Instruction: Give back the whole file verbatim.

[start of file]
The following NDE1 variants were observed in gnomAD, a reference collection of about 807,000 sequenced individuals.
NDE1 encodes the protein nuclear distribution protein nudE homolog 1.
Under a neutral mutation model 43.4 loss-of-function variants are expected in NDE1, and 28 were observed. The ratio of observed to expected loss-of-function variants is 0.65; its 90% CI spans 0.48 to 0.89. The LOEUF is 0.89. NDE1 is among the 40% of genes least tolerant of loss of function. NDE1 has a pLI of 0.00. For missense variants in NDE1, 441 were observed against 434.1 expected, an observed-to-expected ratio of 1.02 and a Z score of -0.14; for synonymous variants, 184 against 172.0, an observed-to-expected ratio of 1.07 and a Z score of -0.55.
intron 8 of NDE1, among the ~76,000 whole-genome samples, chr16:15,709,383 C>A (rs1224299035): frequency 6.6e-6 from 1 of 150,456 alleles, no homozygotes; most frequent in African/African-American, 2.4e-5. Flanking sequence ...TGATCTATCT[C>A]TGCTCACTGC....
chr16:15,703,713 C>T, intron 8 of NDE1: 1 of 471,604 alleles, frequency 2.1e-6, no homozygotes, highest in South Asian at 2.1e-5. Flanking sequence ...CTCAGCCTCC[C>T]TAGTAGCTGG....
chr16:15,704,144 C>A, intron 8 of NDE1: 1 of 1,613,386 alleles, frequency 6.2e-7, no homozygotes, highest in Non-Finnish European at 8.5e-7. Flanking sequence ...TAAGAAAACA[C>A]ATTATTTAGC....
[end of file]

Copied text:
The following NDE1 variants were observed in gnomAD, a reference collection of about 807,000 sequenced individuals.
NDE1 encodes the protein nuclear distribution protein nudE homolog 1.
Under a neutral mutation model 43.4 loss-of-function variants are expected in NDE1, and 28 were observed. The ratio of observed to expected loss-of-function variants is 0.65; its 90% CI spans 0.48 to 0.89. The LOEUF is 0.89. NDE1 is among the 40% of genes least tolerant of loss of function. NDE1 has a pLI of 0.00. For missense variants in NDE1, 441 were observed against 434.1 expected, an observed-to-expected ratio of 1.02 and a Z score of -0.14; for synonymous variants, 184 against 172.0, an observed-to-expected ratio of 1.07 and a Z score of -0.55.
intron 8 of NDE1, among the ~76,000 whole-genome samples, chr16:15,709,383 C>A (rs1224299035): frequency 6.6e-6 from 1 of 150,456 alleles, no homozygotes; most frequent in African/African-American, 2.4e-5. Flanking sequence ...TGATCTATCT[C>A]TGCTCACTGC....
chr16:15,703,713 C>T, intron 8 of NDE1: 1 of 471,604 alleles, frequency 2.1e-6, no homozygotes, highest in South Asian at 2.1e-5. Flanking sequence ...CTCAGCCTCC[C>T]TAGTAGCTGG....
chr16:15,704,144 C>A, intron 8 of NDE1: 1 of 1,613,386 alleles, frequency 6.2e-7, no homozygotes, highest in Non-Finnish European at 8.5e-7. Flanking sequence ...TAAGAAAACA[C>A]ATTATTTAGC....